Trade Promotion Authority (TPA) expired on June 30. This is the authority given to the President to negotiate trade agreements with a straight up-or-down vote by Congress. Without TPA, countries are very reluctant to negotiate with the U.S.

U.S. Trade Ambassador Sue Schwab said, "America needs to remain open for business to the 95% of the world's consumers living outside the United States. American workers cannot afford for us to hang up a 'Closed for Business' sign. The United States must be in the game and not on the sidelines as other nations negotiate deals that disadvantage our businesses, farmers, ranchers and service providers. Our trading partners and competitors are already negotiating and closing trade deals around the world. At least 100 regional trade agreements have gone into force since 2002 and more than 100 are under negotiation. The President -- indeed every President -- should have TPA to ensure that the United States can best advance our country's trade interests."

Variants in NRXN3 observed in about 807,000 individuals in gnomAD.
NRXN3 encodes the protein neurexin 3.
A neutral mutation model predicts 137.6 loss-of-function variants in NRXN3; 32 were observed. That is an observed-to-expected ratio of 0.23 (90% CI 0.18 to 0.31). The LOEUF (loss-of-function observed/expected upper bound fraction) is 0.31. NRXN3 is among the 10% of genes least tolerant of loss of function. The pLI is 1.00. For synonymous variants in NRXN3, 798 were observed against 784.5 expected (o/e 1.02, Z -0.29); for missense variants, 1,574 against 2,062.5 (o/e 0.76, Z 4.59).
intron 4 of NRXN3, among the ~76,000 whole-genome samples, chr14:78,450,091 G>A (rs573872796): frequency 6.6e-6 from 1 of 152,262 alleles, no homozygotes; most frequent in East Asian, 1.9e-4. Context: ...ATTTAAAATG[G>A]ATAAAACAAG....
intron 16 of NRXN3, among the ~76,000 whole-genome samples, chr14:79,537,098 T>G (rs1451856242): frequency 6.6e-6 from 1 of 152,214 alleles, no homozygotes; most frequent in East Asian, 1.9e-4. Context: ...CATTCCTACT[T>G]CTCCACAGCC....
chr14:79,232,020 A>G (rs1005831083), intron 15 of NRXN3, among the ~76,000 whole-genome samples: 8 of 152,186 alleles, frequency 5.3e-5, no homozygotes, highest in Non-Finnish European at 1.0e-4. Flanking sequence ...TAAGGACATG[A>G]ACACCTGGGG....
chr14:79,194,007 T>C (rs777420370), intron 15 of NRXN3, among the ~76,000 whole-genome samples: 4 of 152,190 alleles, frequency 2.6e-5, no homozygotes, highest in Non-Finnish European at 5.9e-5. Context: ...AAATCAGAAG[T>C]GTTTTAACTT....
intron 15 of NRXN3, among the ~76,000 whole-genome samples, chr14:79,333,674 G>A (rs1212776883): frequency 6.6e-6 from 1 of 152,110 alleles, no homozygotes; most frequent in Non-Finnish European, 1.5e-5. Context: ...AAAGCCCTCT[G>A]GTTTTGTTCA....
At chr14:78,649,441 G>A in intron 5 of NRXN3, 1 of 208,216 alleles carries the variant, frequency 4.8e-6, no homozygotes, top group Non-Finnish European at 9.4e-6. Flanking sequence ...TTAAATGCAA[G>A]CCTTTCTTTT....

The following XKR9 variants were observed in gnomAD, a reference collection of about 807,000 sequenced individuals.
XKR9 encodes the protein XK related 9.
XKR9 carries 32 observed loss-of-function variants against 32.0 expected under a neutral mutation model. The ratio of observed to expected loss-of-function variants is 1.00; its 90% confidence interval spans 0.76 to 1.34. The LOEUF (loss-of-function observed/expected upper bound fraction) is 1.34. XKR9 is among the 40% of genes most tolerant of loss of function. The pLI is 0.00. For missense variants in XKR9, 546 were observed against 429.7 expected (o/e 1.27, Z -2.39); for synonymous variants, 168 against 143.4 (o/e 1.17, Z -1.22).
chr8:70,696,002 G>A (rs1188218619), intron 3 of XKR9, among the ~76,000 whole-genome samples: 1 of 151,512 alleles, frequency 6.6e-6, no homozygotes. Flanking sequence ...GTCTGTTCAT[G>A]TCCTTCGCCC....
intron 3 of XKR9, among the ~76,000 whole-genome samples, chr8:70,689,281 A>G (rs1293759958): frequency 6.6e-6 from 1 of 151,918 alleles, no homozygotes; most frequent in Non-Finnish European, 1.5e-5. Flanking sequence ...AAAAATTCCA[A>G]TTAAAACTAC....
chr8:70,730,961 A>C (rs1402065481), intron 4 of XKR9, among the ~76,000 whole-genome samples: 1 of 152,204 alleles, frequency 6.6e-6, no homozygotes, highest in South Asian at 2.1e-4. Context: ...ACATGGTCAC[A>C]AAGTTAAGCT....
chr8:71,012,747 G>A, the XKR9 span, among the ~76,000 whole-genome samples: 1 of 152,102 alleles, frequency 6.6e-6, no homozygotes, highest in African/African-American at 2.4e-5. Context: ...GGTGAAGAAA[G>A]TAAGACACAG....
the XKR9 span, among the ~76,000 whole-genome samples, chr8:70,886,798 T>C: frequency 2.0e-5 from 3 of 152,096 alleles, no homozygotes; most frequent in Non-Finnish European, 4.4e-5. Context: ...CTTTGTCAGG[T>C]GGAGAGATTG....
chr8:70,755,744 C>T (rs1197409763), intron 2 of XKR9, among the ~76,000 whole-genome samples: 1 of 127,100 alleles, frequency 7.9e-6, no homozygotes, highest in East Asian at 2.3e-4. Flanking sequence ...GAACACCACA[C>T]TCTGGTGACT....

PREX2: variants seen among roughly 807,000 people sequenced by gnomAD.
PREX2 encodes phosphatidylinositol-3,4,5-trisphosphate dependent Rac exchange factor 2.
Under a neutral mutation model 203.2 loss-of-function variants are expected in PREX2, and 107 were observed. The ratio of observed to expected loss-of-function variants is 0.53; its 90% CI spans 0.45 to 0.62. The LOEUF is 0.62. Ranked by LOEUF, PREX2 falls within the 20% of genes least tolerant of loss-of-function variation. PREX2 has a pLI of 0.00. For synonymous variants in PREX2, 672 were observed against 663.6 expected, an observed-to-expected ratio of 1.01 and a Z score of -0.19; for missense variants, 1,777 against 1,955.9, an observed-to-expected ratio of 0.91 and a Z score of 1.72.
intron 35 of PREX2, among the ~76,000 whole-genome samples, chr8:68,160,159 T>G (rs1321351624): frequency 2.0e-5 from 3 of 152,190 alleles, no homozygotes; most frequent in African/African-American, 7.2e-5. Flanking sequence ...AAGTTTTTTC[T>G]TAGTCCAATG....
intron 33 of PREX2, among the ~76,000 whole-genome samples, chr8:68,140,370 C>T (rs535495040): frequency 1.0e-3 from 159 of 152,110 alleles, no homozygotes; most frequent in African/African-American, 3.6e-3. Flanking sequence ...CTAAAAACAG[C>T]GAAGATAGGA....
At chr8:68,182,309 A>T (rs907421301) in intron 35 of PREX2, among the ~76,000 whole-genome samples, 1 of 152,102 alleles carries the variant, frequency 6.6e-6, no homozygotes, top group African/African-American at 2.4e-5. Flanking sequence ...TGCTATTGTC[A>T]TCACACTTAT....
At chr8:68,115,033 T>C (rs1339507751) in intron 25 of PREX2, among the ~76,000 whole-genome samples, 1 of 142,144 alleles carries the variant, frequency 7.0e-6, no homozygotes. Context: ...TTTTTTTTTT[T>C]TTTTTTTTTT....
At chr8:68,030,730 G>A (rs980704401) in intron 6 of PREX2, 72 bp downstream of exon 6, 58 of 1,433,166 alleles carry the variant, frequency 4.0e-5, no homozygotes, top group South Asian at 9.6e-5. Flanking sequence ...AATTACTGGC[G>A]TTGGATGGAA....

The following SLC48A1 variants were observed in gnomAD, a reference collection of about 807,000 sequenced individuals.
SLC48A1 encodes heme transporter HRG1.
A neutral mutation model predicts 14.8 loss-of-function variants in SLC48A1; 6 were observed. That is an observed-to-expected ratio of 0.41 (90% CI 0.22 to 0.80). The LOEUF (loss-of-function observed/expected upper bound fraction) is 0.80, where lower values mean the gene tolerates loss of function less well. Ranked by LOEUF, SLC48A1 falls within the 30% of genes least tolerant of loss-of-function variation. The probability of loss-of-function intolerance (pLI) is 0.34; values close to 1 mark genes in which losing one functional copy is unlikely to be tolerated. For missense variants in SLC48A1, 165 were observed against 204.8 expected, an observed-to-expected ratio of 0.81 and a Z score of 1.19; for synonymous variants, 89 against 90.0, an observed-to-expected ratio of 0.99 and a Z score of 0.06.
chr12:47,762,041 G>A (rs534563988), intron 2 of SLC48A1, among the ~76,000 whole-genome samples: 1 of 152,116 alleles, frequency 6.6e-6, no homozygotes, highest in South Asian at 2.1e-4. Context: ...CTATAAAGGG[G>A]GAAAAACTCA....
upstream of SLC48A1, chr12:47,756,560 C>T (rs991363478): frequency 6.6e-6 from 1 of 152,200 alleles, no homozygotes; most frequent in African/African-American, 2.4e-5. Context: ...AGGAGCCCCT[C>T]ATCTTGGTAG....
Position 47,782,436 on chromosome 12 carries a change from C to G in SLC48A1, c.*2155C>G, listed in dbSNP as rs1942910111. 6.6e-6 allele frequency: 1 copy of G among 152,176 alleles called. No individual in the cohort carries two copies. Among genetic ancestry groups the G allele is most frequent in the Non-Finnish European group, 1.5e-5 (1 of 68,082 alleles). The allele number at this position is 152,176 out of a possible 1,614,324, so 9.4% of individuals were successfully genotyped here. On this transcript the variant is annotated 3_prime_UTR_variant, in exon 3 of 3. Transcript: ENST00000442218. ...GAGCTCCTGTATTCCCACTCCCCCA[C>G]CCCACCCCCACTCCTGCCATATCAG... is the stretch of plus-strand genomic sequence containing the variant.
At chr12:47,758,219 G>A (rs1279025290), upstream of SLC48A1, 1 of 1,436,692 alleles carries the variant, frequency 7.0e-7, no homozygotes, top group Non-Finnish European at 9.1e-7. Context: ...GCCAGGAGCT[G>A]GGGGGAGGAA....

Many U.S. agricultural groups support the continuation of TPA. However the National Farmers Union said, "The collapse of the Doha round of WTO negotiations and the impending expiration of 'Fast Track' creates an opportunity for Congress to develop a trade agenda that prioritizes the interests of family farmers and ranchers over the interests of multi-national traders. The current trade agenda is not working and we need to look for new ways to negotiate trade agreements."